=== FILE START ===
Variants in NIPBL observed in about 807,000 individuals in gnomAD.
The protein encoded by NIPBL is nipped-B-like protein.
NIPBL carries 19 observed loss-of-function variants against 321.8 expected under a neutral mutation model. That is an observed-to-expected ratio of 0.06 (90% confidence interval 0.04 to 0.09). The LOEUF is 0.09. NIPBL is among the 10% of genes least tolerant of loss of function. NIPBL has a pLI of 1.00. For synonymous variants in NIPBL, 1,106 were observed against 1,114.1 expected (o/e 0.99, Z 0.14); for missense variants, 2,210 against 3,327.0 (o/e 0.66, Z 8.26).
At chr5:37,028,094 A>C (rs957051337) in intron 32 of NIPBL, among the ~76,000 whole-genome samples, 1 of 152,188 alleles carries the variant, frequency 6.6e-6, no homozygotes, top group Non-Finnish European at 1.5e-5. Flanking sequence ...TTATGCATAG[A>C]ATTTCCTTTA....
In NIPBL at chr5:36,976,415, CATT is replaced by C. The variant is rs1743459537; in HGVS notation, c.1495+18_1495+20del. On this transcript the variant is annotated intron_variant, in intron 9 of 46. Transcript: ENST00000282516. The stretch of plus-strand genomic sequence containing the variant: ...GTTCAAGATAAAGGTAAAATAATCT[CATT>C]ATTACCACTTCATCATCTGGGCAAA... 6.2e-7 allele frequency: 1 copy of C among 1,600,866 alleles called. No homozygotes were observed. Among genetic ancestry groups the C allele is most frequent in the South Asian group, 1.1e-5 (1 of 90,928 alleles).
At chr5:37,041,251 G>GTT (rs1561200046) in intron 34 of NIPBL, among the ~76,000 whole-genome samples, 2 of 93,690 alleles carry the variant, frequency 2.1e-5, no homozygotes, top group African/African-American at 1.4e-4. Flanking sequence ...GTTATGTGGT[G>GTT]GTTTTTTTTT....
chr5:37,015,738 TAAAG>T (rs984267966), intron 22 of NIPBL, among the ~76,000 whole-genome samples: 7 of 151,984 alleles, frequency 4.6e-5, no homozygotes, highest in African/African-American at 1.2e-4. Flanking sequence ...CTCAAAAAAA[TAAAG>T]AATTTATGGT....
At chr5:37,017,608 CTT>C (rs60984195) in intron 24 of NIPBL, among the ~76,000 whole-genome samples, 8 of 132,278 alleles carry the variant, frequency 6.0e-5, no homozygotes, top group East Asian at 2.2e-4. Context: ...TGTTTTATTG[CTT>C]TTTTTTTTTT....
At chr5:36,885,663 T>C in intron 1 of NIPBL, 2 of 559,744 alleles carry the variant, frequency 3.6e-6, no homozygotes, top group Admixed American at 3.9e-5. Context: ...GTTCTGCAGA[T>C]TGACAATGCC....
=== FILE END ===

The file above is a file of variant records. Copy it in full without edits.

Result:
Variants in NIPBL observed in about 807,000 individuals in gnomAD.
The protein encoded by NIPBL is nipped-B-like protein.
NIPBL carries 19 observed loss-of-function variants against 321.8 expected under a neutral mutation model. That is an observed-to-expected ratio of 0.06 (90% confidence interval 0.04 to 0.09). The LOEUF is 0.09. NIPBL is among the 10% of genes least tolerant of loss of function. NIPBL has a pLI of 1.00. For synonymous variants in NIPBL, 1,106 were observed against 1,114.1 expected (o/e 0.99, Z 0.14); for missense variants, 2,210 against 3,327.0 (o/e 0.66, Z 8.26).
At chr5:37,028,094 A>C (rs957051337) in intron 32 of NIPBL, among the ~76,000 whole-genome samples, 1 of 152,188 alleles carries the variant, frequency 6.6e-6, no homozygotes, top group Non-Finnish European at 1.5e-5. Flanking sequence ...TTATGCATAG[A>C]ATTTCCTTTA....
In NIPBL at chr5:36,976,415, CATT is replaced by C. The variant is rs1743459537; in HGVS notation, c.1495+18_1495+20del. On this transcript the variant is annotated intron_variant, in intron 9 of 46. Transcript: ENST00000282516. The stretch of plus-strand genomic sequence containing the variant: ...GTTCAAGATAAAGGTAAAATAATCT[CATT>C]ATTACCACTTCATCATCTGGGCAAA... 6.2e-7 allele frequency: 1 copy of C among 1,600,866 alleles called. No homozygotes were observed. Among genetic ancestry groups the C allele is most frequent in the South Asian group, 1.1e-5 (1 of 90,928 alleles).
At chr5:37,041,251 G>GTT (rs1561200046) in intron 34 of NIPBL, among the ~76,000 whole-genome samples, 2 of 93,690 alleles carry the variant, frequency 2.1e-5, no homozygotes, top group African/African-American at 1.4e-4. Flanking sequence ...GTTATGTGGT[G>GTT]GTTTTTTTTT....
chr5:37,015,738 TAAAG>T (rs984267966), intron 22 of NIPBL, among the ~76,000 whole-genome samples: 7 of 151,984 alleles, frequency 4.6e-5, no homozygotes, highest in African/African-American at 1.2e-4. Flanking sequence ...CTCAAAAAAA[TAAAG>T]AATTTATGGT....
At chr5:37,017,608 CTT>C (rs60984195) in intron 24 of NIPBL, among the ~76,000 whole-genome samples, 8 of 132,278 alleles carry the variant, frequency 6.0e-5, no homozygotes, top group East Asian at 2.2e-4. Context: ...TGTTTTATTG[CTT>C]TTTTTTTTTT....
At chr5:36,885,663 T>C in intron 1 of NIPBL, 2 of 559,744 alleles carry the variant, frequency 3.6e-6, no homozygotes, top group Admixed American at 3.9e-5. Context: ...GTTCTGCAGA[T>C]TGACAATGCC....